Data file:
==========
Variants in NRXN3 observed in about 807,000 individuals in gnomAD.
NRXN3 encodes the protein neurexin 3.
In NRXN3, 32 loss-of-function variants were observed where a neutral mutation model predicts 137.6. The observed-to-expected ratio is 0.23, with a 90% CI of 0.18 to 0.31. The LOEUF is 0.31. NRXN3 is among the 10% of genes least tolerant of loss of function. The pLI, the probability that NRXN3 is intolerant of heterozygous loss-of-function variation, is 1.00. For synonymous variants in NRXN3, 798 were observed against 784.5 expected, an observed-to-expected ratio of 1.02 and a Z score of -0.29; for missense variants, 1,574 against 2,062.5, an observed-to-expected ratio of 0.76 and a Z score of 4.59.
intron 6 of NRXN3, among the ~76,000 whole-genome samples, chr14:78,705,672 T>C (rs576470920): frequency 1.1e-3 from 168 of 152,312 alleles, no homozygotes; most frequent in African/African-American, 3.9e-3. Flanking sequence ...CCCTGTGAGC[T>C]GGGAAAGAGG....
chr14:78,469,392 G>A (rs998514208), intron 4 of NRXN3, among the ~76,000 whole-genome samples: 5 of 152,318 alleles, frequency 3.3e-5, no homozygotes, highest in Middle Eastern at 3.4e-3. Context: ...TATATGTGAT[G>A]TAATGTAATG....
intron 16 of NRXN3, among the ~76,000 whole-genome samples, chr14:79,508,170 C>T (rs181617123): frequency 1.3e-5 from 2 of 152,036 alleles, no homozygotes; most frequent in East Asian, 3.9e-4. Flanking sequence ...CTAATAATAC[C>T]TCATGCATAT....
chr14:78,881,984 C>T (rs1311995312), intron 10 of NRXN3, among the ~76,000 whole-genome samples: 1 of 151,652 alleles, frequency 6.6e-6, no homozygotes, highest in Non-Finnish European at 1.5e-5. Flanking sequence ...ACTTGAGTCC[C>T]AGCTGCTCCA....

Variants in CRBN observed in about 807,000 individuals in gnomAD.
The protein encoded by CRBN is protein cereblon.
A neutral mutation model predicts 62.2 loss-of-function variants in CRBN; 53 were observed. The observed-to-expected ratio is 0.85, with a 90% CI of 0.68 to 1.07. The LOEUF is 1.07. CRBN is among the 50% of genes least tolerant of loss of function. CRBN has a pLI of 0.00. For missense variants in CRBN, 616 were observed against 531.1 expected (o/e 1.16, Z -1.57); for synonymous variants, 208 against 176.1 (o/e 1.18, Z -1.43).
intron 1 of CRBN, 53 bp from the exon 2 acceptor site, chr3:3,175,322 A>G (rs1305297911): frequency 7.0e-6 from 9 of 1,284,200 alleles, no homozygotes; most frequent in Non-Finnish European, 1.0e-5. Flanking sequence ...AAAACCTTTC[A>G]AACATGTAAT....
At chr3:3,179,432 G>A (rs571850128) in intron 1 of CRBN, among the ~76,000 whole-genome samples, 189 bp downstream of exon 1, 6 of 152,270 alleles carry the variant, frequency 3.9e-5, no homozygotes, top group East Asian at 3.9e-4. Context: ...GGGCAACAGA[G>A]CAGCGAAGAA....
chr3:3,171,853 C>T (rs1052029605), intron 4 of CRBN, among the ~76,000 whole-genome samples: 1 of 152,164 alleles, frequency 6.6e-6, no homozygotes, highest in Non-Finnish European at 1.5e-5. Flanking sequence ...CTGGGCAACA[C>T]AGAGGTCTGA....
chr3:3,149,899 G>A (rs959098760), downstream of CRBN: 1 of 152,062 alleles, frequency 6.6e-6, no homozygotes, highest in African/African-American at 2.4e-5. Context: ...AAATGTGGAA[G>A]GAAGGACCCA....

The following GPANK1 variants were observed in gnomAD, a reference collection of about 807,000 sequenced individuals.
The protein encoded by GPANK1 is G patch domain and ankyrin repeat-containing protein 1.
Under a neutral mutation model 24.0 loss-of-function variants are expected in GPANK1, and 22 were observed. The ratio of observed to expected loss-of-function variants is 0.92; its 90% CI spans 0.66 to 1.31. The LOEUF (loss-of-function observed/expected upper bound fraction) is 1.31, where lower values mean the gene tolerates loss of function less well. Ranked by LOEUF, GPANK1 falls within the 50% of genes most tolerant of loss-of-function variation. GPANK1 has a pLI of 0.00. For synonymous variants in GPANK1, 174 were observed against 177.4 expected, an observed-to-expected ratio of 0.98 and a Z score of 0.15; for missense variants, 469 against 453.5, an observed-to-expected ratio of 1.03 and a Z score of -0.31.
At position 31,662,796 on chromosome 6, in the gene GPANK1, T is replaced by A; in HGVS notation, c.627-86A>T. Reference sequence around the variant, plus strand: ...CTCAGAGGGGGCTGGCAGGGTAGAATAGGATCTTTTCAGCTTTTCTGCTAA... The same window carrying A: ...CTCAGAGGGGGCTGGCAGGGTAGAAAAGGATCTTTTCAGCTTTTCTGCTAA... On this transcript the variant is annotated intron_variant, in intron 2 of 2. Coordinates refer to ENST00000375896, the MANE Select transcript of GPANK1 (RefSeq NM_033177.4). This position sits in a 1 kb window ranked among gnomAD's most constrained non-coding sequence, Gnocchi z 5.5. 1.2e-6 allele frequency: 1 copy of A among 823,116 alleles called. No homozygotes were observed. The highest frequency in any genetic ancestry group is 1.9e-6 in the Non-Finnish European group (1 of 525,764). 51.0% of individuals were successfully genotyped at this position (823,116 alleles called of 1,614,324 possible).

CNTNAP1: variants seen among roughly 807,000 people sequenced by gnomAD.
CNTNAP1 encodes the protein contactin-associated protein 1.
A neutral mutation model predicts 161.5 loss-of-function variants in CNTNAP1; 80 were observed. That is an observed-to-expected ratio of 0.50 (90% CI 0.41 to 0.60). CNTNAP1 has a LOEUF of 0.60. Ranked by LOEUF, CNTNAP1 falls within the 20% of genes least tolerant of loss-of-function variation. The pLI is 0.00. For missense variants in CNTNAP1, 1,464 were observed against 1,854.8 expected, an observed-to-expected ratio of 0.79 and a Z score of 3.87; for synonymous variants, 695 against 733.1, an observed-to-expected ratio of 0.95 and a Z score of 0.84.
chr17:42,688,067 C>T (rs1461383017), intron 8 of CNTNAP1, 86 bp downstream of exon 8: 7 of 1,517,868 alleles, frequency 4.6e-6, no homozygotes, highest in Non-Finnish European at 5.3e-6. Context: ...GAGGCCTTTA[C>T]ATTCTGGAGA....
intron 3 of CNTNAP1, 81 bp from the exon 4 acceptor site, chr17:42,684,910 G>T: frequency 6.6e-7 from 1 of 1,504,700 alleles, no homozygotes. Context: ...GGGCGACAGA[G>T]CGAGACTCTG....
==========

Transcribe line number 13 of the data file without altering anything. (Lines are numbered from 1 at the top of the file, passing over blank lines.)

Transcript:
chr3:3,171,853 C>T (rs1052029605), intron 4 of CRBN, among the ~76,000 whole-genome samples: 1 of 152,164 alleles, frequency 6.6e-6, no homozygotes, highest in Non-Finnish European at 1.5e-5. Flanking sequence ...CTGGGCAACA[C>T]AGAGGTCTGA....